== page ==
Macular Degeneration

Macular degeneration (MD) is a disease that damages the macula which is the central part of the retina. The macula is responsible for providing the sharp, central vision we need for reading, identifying objects, recognizing faces and even driving.  The macula works best in bright light and is also responsible for providing most of our color vision.

Macular degeneration is a leading cause of vision loss in Americans 60 years of age and older and hence is also called Age-Related Macular Degeneration (AMD).  There are two types—dry and wet. In Dry Age-Related Macular Degeneration the retina tissues atrophy slowly over time. In Wet AMD vessels beneath the retina begin to grow and leak that can cause a sudden and potentially dramatic reduction in vision.



There are many other types of disorders that can be called “macular degeneration” including Juvenile Macular Degeneration (Stargardt’s Disease), Macular holes, Best’s Disease, and Epiretinal membranes (Macular pucker). There are also numerous other disorders that can also affect central vision including Albinism, Achromatopsia, Diabetes, MS, Optic Atrophy, Nystagmus, Micro-ophthalmia, Coloboma, Rod-Cone Dystrophy, and Myopic degeneration to name just a few.

Fortunately, macular degeneration is limited to the central retina, so that the peripheral retina, responsible for side (peripheral) vision and motion detection remains intact.  Individuals with Age-Related Macular Degeneration will never go totally blind.  In fact, individuals can usually walk and engage in most domestic activities with little difficulty due to their vision.

Learn more about Macular Degeneration from the National Eye Institute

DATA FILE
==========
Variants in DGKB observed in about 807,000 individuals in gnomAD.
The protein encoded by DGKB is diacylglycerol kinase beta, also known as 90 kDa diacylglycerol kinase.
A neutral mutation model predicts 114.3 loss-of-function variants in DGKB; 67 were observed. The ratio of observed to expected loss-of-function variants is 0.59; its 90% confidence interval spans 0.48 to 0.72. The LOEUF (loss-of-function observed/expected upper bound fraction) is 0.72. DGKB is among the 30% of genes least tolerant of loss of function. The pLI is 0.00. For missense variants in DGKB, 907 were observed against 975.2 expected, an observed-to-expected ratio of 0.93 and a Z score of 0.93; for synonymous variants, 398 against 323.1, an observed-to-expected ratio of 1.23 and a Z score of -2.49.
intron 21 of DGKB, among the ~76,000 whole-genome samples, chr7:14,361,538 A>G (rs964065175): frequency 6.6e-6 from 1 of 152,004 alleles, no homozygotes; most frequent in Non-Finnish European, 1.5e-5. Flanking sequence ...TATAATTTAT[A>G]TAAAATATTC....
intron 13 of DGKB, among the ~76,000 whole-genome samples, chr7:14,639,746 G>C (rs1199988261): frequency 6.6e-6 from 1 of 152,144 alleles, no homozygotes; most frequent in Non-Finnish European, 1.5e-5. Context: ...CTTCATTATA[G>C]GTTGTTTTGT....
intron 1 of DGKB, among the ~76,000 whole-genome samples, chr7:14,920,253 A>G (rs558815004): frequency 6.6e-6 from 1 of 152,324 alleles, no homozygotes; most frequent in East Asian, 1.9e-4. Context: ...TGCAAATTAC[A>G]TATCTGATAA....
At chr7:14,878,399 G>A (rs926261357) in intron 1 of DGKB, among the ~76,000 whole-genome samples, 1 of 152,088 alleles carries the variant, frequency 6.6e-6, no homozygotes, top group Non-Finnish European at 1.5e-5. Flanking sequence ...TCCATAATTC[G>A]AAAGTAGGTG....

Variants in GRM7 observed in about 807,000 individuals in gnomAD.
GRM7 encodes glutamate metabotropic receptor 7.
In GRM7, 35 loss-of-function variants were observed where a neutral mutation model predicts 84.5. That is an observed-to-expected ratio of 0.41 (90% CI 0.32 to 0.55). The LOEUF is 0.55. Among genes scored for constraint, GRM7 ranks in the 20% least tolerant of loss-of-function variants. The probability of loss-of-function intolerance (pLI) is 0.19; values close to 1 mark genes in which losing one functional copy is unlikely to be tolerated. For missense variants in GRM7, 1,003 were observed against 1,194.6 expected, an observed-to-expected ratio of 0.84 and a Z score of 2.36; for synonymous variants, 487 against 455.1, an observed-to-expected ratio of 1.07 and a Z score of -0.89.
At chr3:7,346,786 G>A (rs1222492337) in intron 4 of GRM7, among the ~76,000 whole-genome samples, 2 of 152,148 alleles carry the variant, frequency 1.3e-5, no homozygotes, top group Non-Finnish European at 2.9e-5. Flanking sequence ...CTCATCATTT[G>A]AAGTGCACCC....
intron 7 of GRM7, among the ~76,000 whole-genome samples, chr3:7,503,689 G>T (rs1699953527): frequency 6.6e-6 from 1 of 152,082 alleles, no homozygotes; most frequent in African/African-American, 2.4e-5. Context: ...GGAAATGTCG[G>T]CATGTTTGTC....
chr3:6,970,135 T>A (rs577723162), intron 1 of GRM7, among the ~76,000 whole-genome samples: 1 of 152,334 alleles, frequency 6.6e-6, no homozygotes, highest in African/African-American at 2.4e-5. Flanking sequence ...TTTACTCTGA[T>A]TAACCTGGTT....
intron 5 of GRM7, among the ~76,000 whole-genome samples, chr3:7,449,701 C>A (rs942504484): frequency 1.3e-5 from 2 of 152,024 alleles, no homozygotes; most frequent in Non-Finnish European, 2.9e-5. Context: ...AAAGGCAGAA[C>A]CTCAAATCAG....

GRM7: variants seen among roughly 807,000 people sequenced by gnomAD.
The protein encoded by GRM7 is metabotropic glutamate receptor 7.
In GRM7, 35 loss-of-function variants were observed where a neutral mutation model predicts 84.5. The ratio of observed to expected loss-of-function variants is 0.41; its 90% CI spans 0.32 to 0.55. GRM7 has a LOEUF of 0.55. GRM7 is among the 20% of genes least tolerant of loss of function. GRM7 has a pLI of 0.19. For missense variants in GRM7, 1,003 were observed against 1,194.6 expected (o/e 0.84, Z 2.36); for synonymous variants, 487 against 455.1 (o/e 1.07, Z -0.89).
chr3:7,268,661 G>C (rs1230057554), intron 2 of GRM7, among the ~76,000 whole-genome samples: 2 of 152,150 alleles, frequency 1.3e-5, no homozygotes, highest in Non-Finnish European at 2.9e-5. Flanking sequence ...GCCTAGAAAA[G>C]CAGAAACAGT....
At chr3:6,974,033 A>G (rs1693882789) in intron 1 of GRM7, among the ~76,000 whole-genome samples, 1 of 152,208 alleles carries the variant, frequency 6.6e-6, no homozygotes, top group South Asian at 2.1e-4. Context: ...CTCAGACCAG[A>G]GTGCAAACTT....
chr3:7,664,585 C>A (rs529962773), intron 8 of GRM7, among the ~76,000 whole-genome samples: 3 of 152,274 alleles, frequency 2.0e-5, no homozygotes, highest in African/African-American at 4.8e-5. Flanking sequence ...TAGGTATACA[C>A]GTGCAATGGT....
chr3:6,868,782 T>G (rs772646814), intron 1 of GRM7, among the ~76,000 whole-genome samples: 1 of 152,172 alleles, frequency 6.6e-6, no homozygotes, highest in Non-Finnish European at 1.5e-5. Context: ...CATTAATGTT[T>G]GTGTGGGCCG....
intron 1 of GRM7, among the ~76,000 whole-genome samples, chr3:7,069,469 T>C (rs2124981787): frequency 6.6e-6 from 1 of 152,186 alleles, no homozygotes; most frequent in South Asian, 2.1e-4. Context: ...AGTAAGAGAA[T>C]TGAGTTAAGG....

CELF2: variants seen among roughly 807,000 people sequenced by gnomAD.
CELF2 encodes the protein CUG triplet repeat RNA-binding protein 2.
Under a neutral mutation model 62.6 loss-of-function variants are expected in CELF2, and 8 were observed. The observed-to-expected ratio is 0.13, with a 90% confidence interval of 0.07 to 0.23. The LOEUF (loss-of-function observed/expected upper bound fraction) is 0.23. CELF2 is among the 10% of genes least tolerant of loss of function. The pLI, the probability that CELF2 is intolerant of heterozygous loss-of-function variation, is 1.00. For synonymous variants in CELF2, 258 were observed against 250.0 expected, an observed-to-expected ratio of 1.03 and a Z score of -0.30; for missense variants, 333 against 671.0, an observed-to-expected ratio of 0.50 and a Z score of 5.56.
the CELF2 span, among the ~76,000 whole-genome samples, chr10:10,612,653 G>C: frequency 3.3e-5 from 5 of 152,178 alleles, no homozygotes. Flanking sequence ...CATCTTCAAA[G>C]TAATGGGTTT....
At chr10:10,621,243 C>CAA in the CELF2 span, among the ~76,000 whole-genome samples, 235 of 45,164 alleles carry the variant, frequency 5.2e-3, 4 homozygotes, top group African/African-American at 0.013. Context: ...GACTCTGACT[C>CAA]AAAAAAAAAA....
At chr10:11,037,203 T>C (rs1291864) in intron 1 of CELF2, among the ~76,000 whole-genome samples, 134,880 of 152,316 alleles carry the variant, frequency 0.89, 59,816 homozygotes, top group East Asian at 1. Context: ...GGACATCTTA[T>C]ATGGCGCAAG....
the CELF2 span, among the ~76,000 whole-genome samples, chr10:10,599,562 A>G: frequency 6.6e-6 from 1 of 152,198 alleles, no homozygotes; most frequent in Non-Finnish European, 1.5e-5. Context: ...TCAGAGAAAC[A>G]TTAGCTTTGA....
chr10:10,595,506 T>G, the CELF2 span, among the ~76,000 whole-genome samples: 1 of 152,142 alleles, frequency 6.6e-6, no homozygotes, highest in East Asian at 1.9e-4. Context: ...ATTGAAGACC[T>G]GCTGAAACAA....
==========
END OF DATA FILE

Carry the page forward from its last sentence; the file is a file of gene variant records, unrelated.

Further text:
Why don't regular eyeglasses help macular degeneration?

When macular degeneration damages central vision detail vision its reduced, making print and signs difficult to read and faces difficult to identify. While at first one might assume that an eyeglass prescription may need to be changed, it’s not the eye’s focus that is the problem.  It’s the retina, the “screen” at the back of the eye that receives the image and converts it into neural impulses, that’s not working properly.

Imagine visiting a movie theater and seeing the picture perfectly well.  Now imagine that black paint is spread across all of one of the actor’s faces.  Will changing the focus get rid of the black paint?  Of course not.  Now imagine that the camera zooms in for a close-up and now the actor’s face is 4 times larger.  Now the black paint will cover just the actor’s nose, or cheek or eye, and as a result much more of the face becomes visible. So, what helps individuals with macular degeneration see better is making things larger, and for seeing at a distance, bioptic telescopes can offer a great visual solution.

Telescopic options for low vision

As discussed above, patients complain that they cannot see far enough away to perform whatever activity they have in mind.  They must move closer in order to see it adequately.  Of course, we may not always be able to move cose enough. That’s where telescopic low vision aids become so important. They bring thing closer optically without the user having to move closer.

Low vision bioptic telescopes can either be positioned above the user’s line of sight so that they can alternate their view between the carrier lens and the telescope (Bioptic), or in a straight-ahead position for convenient use at closer distances.

In either event, attaching telescopic lenses to eyeglass frames makes magnified vision easy and convenient to use!